The KD was initiated at a low ratio (about 2–3:1 in EN KD, 1:1 in IV KD) and then gradually advanced to a ratio of 3–4:1. The calorie intake of KD was restricted to 1/3 of the estimated diet energy needs (75% of recommended dietary allowance) initially and increased by 1/3 every 1–3 days (slower in IV KD) to full estimated diet energy. This step-by-step approach was adopted to prevent hypertriglyceridemia or hyperamylasemia induced by high intake or infusion of lipids. All dextrose was removed from fluids and all medications were changed to low-carbohydrate forms. Glucose-free solutions such as anticonvulsants and saline were prepared as required. Electrolytes, minerals, vitamins, and micronutrients were prepared at normal concentrations. The enteral preparation was given 6–8 times per day. IV KD was infused continuously over 20 h and stopped for 4 h. When enteric-related complications such as gastrointestinal bleeding and enteroparalysis were resolved, EN KD was initiated and the calorie intake was increased by 1/10–1/5 of the estimated daily intake, adjusted after each 1–2 days to replace IV KD. Electrolytes, arterial blood gases, serum ketone bodies and glucose were measured once KD was initiated.
Statistical analysis was performed using the Statistical Package for Social Science (IBM, SPSS Statistics Version 21). Proportions were calculated for continuous variables whereas medians and interquartile ranges (IQRs) were calculated for categorical variables. Pearson correlation analysis was applied for the duration of SE before KD initiation and mRS score at the latest follow-up (the normality test was completed).
In this series, all 7 patients (4 boys and 3 girls) were transferred from other health facilities and diagnosed with FIRES and SRSE in our PICU. All patients had a normal health and psychomotor development in their history. They did not have familial history of seizure or a known neurologic disease. The ages of patients at disease onset were between 1.5 and 13 years. The demographic data, clinical manifestations and management are described in Table 1. Out of 7 patients, 4 had a GCS score < 8 at admission. The hospital LOS ranged from 35 to 86 days (median 46; IQR 18.5; mean 50.3 ± 18.5) and ICU LOS ranged from 19 to 61 days (median 32; IQR 15; mean 32.6 ± 14.7). Among them, no clear etiology could be determined despite extensive analyses ranging from microbiologic, metabolic and autoimmune causes, and early brain Magnetic Resonance Imaging (MRI).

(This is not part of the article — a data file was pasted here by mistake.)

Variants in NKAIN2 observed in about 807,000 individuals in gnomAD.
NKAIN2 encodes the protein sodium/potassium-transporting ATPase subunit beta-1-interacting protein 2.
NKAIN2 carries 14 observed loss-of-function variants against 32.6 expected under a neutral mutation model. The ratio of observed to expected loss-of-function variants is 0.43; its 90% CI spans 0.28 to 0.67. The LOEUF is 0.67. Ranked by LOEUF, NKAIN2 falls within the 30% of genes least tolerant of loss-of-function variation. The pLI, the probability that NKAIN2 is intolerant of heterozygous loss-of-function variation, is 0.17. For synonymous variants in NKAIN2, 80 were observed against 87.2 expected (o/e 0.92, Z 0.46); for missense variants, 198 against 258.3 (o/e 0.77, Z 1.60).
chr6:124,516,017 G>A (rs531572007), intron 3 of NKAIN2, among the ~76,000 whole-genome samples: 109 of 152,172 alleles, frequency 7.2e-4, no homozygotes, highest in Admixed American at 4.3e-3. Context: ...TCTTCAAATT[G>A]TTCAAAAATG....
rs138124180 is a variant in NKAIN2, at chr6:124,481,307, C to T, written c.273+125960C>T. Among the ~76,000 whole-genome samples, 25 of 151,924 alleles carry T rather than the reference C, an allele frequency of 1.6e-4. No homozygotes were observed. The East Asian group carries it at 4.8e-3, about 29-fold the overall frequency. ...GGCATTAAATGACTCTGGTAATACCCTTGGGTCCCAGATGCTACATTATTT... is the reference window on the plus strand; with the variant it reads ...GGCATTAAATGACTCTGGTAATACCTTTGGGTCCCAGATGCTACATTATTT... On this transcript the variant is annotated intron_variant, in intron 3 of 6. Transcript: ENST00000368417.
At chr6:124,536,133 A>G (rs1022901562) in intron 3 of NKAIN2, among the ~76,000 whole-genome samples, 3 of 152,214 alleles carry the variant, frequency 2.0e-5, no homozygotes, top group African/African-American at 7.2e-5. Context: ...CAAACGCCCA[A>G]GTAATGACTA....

All patients experienced a non-specific febrile illness prior to SE. Fever preceded the first seizures with a median duration of 4 days, ranging from 2 to 5 days. Shortly after onset of seizures, within 24 h, the seizures rapidly progressed into SE or became frequent with loss of consciousness between the attacks. An obvious feature from the first EEG segment (2–15 h) was the heavy burden of seizure and most of them were either focal or subclinical with altered consciousness. Out of the 7 patients, 5 had seizures comprising >50% in a 1-h period. Notable EEG parameters are described below and summarized in Table 2.
We identified a specific ictal pattern of the seizures in 6 patients. This seizure pattern consisted of sharp (or spike) wave and/or sharp (or spike) slow wave complex of low to moderate amplitude, arising from unilateral or bilateral focal area, spreading to the same hemisphere and/or bilaterally with higher amplitude and faster/slower frequency, sometimes shifting from one hemisphere to the contralateral (Figure 1). Interictally, some patients displayed unidentified sleep architecture and diffuse delta-theta background slowing, with or without multifocal sporadic or periodic epileptiform discharges (sharp or spike waves, complex waves). These features might be undistinguishable from non-intermittent ictal activity in severe cases.
Figure 1. The seizure begins in the focal or multifocal regions with spread to the unilateral or bilateral hemisphere and shifting from one hemisphere to the contralateral. (a) Patient 1 and (b) patient 6.
All patients experienced SE for 7–31 days (median 12; IQR 11; mean 16.6 ± 9.5) before KD initiation. In spite of the conventional management with a median of four AEDs and two continuous anesthetic agents before initiation of KD, the nearly continuous electrical or electroclinical seizures were poorly controlled or reappeared when anesthetic agents were tapered. Moreover, 2 patients received several anesthetics assistants (Fentanyl or its derivatives, Cisatracurium Besilate, Vecuronium) to control volcanic seizures. Three patients were under full mechanical ventilation due to severe respiratory depression. Similarly, other therapies such as intravenous immunoglobulin (IVIg) (in all patients) and Methylprednisolone (in 5 patients) were ineffective before initiation of KD. Before initiation of KD, most of the patients (except three) has stopped immunotherapy before or early after admission at our hospital. The three patients were continued on a low-dose steroid therapy even after KD initiated.